A minor or infant is one who has not attained the age which the law deems necessary to give him his full maturity of mind and below which he requires a special protection from the state.
In the legal conception all children are under guardianship, directly by their parents or other legal guardian, and indirectly by the state. They are mentally incompetent through lack of experience and because of immaturity of mind, and therefore not legally competent to protect their own interests to the full extent. To afford them a protection to which the adult is not entitled, the law qualifies their liability upon contract.
Now the distinction between infancy and adult life is not arbitrary, and we all recognize the distinction and act upon it, but we cannot point to any particular moment or year as a dividing line. Yet to have a workable rule the law must do this rather arbitrary thing and apply it generally, although in specific instances it must accomplish the result of affording a person of a certain age a protection he does not need, as much as another of a greater age does need it to whom the protection is denied. Some young men of eighteen are more mature than others of twenty-two; but one can see at once that there is no workable test to measure these things except by setting a line to apply for all, as suggested by normal experience. This the law has done by saying that from the standpoint of contract, a person is an infant or a minor until his twenty-first birthday. In some jurisdictions, females attain full age at eighteen.
A minor has the power to contract, but for his own protection he is given the right to disaffirm, or withdraw from, any contract made by him, except that the law makes him absolutely liable for the reasonable value of necessaries furnished him at his request; and except also that in some jurisdictions he has no power whatever to appoint an agent for important purposes.
The careless statement is frequently made, that a minor has no power to contract, except for necessaries, but this conception is erroneous. The law does not deny him the power to contract, but furnishes him with relief by way of disaffirmance if he chooses to rely upon his infancy. This seems to be the true view of the present law. The contract made by the minor he may not care to disaffirm, and the other party cannot avoid on the ground of the minority of the party with whom he has contracted.2
In some states the position is taken that a minor cannot appoint an agent,3 but the better view is that there is no distinction between this and his other voidable contracts, and that the appointment of an agent is not void, but merely voidable. Being merely voidable, it is capable of ratification by him when he becomes of age.4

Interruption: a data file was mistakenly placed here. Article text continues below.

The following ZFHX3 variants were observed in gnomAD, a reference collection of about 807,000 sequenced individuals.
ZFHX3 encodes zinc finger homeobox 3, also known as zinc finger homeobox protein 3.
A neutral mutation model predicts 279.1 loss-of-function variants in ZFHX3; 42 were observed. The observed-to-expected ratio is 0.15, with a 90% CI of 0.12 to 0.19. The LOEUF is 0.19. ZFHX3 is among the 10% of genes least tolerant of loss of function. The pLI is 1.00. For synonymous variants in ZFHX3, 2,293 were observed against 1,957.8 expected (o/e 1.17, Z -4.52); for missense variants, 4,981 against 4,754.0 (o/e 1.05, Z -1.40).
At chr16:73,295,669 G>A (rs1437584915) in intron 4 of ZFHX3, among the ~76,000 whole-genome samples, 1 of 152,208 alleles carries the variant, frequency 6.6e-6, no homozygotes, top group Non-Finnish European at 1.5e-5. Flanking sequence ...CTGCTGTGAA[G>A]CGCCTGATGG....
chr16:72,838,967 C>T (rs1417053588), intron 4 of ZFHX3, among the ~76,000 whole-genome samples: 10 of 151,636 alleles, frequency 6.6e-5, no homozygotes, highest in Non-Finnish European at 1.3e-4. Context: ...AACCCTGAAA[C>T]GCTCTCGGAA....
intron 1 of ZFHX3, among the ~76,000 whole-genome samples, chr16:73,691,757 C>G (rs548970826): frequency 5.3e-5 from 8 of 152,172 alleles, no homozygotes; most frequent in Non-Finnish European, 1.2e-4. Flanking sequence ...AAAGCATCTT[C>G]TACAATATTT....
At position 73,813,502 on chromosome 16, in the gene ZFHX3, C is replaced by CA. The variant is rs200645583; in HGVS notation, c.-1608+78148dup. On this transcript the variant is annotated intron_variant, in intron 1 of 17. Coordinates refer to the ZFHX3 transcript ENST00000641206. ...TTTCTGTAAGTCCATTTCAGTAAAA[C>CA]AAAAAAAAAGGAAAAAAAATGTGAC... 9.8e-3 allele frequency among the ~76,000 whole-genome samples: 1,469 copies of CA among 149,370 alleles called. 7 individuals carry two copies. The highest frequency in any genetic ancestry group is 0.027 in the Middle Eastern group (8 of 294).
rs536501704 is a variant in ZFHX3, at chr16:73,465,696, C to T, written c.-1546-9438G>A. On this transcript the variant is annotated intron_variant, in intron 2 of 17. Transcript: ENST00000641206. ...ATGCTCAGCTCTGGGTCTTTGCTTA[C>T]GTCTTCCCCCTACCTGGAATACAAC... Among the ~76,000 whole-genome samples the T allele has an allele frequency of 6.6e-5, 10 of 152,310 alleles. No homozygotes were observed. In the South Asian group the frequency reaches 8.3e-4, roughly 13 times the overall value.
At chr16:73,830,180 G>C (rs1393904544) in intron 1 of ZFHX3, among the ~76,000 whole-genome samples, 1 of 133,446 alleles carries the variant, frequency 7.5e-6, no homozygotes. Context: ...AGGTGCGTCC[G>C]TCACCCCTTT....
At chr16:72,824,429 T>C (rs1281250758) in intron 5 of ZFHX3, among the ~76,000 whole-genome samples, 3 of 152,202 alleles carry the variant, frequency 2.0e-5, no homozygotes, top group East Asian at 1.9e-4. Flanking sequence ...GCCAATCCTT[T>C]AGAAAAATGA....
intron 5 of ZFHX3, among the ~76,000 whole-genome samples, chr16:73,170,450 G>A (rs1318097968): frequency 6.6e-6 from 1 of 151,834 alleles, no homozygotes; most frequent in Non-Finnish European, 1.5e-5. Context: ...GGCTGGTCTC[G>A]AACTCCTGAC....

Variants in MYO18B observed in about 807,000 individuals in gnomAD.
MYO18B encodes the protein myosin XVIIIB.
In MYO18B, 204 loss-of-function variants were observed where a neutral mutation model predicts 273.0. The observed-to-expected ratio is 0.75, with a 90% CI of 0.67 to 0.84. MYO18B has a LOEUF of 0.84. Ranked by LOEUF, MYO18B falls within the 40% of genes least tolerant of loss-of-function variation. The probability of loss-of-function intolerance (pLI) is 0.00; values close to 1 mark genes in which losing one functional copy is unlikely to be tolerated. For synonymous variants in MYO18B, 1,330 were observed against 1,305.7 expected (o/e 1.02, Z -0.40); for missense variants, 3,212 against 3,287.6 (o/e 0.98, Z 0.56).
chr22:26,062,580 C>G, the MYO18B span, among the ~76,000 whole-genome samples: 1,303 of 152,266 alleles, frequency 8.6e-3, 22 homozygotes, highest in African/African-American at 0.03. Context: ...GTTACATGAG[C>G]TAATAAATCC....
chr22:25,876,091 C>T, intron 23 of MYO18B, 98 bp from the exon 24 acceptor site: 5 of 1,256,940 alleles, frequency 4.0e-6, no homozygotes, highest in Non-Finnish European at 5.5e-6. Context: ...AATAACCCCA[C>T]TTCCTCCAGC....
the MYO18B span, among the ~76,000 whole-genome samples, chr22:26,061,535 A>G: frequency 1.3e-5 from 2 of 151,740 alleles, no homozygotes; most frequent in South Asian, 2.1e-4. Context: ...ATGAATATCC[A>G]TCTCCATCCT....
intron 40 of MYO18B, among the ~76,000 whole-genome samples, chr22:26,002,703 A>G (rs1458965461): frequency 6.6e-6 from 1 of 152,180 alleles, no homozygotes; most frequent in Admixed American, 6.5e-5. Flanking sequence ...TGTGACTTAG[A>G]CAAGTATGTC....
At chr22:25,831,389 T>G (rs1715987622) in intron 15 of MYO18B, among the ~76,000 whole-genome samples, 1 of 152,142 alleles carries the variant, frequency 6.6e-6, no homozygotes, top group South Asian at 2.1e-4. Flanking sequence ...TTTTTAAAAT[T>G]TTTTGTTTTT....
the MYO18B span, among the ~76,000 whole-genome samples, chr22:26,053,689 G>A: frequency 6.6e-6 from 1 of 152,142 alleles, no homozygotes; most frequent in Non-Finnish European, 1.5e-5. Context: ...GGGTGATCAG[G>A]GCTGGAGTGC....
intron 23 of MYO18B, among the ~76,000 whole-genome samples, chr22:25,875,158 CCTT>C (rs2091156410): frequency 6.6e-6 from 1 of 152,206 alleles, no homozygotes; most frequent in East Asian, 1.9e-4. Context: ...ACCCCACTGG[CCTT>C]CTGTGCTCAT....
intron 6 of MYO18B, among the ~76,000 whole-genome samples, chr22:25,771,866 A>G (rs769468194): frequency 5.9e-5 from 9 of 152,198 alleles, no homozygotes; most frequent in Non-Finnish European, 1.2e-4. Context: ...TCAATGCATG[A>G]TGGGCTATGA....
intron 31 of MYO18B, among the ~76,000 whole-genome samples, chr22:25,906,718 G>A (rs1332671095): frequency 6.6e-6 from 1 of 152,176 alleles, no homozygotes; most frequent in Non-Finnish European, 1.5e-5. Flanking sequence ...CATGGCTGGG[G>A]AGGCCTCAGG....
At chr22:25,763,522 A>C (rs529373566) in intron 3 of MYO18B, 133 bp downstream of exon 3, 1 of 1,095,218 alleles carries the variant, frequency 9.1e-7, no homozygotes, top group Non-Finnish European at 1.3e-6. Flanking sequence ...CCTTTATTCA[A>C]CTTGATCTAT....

2. Wright v. Buchanan, 287 111. 468.
A minor is liable for the reasonable value of necessaries purchased by him upon his credit and actually supplied him.
The law gives a minor the right to elect whether he shall be bound for all contracts made by him except his executed contracts for necessaries. If a minor could not render himself absolutely liable for the things which are supplied to him as actual needs, he might be compelled to go in want.
He is not bound to pay what he may have promised, but only the reasonable worth of the thing supplied, that is to say, the market or real value. Thus, if he purchases a suit of clothes reasonably worth the sum of fifteen dollars, and gives his promissory note for thirty dollars, he may elect not to be bound upon the note, and fifteen dollars would be the measure of the seller's damage.
His liability has been said to be not strictly contractual, as it is imposed upon him by law, irrespective of his actual promise. "Its real foundation is an obligation which the law imposes on the infant to make a fair payment in respect to needs satisfied." 5 But it is of the nature of contract in this sense that the minor gets the benefit through agreement, and no harm is done to think of it as a true contract if we remember simply that the state in its regard for the welfare of the minor protects him against his unreasonable promises, and also that an executory contract even for necessaries is not enforce-able against a minor.
3. McDonald v. Spring Valley, 285 111. 52; Cole v. Pennoyer, 14 111. 158.
4. Coursolle v. Weyerhauser, 69 Minn. 328.
5. Nash v. Wyman (1908), 2 K. B. I.